Sergio Caucao, Gabriel N. Gatica, Ricardo Oyarzua:
Analysis of an augmented fully-mixed formulation for the non-isothermal Oldroyd-Stokes problem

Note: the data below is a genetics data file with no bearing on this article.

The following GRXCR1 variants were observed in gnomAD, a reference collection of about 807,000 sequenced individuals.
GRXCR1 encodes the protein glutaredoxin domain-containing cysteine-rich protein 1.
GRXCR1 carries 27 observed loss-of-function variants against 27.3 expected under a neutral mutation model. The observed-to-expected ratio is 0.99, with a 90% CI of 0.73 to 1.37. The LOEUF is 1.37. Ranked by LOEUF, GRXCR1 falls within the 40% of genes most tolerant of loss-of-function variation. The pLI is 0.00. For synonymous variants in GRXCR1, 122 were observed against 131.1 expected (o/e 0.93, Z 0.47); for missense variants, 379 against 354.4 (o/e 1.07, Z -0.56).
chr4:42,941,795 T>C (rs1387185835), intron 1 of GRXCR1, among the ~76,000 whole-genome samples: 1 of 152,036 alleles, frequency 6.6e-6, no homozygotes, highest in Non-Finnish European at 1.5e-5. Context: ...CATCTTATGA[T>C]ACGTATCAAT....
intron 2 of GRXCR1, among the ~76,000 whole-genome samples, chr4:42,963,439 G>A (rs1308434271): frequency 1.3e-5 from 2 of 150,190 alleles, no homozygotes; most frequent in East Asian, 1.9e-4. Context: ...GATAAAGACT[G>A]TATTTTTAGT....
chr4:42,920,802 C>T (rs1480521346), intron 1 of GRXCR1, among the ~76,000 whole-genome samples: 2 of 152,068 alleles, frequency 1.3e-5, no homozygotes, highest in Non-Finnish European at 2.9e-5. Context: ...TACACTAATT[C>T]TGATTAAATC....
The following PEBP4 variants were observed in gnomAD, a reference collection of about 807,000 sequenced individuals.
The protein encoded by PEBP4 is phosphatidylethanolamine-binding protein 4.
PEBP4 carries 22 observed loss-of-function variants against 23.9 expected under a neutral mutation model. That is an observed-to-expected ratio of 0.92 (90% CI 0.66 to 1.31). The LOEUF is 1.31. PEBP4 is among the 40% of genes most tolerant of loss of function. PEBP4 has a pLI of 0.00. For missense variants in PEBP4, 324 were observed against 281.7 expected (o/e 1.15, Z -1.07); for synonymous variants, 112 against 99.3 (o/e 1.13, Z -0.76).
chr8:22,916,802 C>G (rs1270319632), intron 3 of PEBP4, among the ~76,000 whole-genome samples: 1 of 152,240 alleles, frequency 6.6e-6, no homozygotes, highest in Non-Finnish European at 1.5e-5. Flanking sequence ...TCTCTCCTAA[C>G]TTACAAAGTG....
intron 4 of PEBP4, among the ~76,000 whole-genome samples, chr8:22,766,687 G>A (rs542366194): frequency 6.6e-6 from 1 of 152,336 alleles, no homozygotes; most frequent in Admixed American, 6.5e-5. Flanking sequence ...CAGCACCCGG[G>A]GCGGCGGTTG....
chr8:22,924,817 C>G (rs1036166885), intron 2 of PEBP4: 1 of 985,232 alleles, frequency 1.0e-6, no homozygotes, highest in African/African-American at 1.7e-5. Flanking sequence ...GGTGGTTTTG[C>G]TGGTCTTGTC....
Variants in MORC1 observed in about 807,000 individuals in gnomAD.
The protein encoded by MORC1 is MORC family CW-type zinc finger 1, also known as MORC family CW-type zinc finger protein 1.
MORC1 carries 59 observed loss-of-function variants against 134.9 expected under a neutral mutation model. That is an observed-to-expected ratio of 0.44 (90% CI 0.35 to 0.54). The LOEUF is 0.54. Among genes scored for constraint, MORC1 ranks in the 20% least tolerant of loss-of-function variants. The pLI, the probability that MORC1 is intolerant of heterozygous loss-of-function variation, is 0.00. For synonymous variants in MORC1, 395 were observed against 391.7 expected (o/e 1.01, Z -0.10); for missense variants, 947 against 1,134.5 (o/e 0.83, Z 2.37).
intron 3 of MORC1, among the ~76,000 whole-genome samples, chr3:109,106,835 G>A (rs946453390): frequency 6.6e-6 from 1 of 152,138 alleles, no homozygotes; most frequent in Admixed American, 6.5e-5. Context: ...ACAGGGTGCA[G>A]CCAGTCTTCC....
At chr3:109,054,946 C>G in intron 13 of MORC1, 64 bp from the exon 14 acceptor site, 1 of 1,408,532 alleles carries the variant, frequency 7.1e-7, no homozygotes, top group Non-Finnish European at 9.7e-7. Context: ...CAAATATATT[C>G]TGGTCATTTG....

We introduce and analyse an augmented mixed variational formulation for the non-isothermal Oldroyd-Stokes problem. More precisely, the underlying model consists of the Stokes-type equation for Oldroyd viscoelasticity, coupled with the heat equation through a convective term and the viscosity of the fluid. The original unknowns are the polymeric part of the extra-stress tensor, the velocity, the pressure, and the temperature of the fluid. In turn, for convenience of the analysis, the strain tensor, the vorticity, and an auxiliary symmetric tensor are introduced as further unknowns. This allows to join the polymeric and solvent viscosities in an adimensional viscosity, and to eliminate the polymeric part of the extra-stress tensor and the pressure from the system, which, together with the solvent part of the extra-stress tensor, are easily recovered later on through suitable postprocessing formulae. In this way, a fully mixed approach is applied, in which the heat flux vector is incorporated as an additional unknown as well. Furthermore, since the convective term in the heat equation forces both the velocity and the temperature to live in a smaller space than usual, we augment the variational formulation by using the constitutive and equilibrium equations, the relation defining the strain and vorticity tensors, and the Dirichlet boundary condition on the temperature. The resulting augmented scheme is then written equivalently as a fixed-point equation, so that the well-known Schauder and Banach theorems, combined with the Lax-Milgram theorem and certain regularity assumptions, are applied to prove the unique solvability of the continuous system. As for the associated Galerkin scheme, whose solvability is established similarly to the continuous case by using the Brouwer fixed-point and Lax-Milgram theorems, we employ Raviart--Thomas approximations of order k for the stress tensor and the heat flux vector, continuous piecewise polynomials of order le k+1 for velocity and temperature, and piecewise polynomials of order le k for the strain tensor and the vorticity. Finally, we derive optimal a priori error estimates and provide several numerical results illustrating the good performance of the scheme and confirming the theoretical rates of convergence.